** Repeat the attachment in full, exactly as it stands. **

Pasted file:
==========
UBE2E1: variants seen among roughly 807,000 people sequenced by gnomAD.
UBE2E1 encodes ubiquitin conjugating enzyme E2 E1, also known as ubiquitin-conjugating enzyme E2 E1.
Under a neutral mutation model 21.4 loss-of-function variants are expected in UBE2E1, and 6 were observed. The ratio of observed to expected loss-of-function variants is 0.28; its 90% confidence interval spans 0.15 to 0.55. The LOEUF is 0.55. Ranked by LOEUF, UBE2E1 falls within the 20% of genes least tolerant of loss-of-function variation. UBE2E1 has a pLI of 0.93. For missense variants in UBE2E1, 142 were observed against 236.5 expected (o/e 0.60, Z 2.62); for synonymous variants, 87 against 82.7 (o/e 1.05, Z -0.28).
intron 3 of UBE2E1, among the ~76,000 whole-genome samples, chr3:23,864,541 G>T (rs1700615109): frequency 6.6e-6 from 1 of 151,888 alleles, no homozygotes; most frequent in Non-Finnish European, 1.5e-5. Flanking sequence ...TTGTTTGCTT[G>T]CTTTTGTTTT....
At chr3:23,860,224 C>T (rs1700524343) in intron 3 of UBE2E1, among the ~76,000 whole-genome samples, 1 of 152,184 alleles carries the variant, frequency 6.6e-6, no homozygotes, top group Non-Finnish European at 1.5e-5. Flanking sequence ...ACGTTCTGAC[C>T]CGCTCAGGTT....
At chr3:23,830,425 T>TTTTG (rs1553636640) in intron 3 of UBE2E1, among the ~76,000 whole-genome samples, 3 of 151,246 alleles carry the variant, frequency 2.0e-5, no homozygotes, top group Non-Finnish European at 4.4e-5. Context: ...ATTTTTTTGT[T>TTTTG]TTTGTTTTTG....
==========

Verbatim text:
UBE2E1: variants seen among roughly 807,000 people sequenced by gnomAD.
UBE2E1 encodes ubiquitin conjugating enzyme E2 E1, also known as ubiquitin-conjugating enzyme E2 E1.
Under a neutral mutation model 21.4 loss-of-function variants are expected in UBE2E1, and 6 were observed. The ratio of observed to expected loss-of-function variants is 0.28; its 90% confidence interval spans 0.15 to 0.55. The LOEUF is 0.55. Ranked by LOEUF, UBE2E1 falls within the 20% of genes least tolerant of loss-of-function variation. UBE2E1 has a pLI of 0.93. For missense variants in UBE2E1, 142 were observed against 236.5 expected (o/e 0.60, Z 2.62); for synonymous variants, 87 against 82.7 (o/e 1.05, Z -0.28).
intron 3 of UBE2E1, among the ~76,000 whole-genome samples, chr3:23,864,541 G>T (rs1700615109): frequency 6.6e-6 from 1 of 151,888 alleles, no homozygotes; most frequent in Non-Finnish European, 1.5e-5. Flanking sequence ...TTGTTTGCTT[G>T]CTTTTGTTTT....
At chr3:23,860,224 C>T (rs1700524343) in intron 3 of UBE2E1, among the ~76,000 whole-genome samples, 1 of 152,184 alleles carries the variant, frequency 6.6e-6, no homozygotes, top group Non-Finnish European at 1.5e-5. Flanking sequence ...ACGTTCTGAC[C>T]CGCTCAGGTT....
At chr3:23,830,425 T>TTTTG (rs1553636640) in intron 3 of UBE2E1, among the ~76,000 whole-genome samples, 3 of 151,246 alleles carry the variant, frequency 2.0e-5, no homozygotes, top group Non-Finnish European at 4.4e-5. Context: ...ATTTTTTTGT[T>TTTTG]TTTGTTTTTG....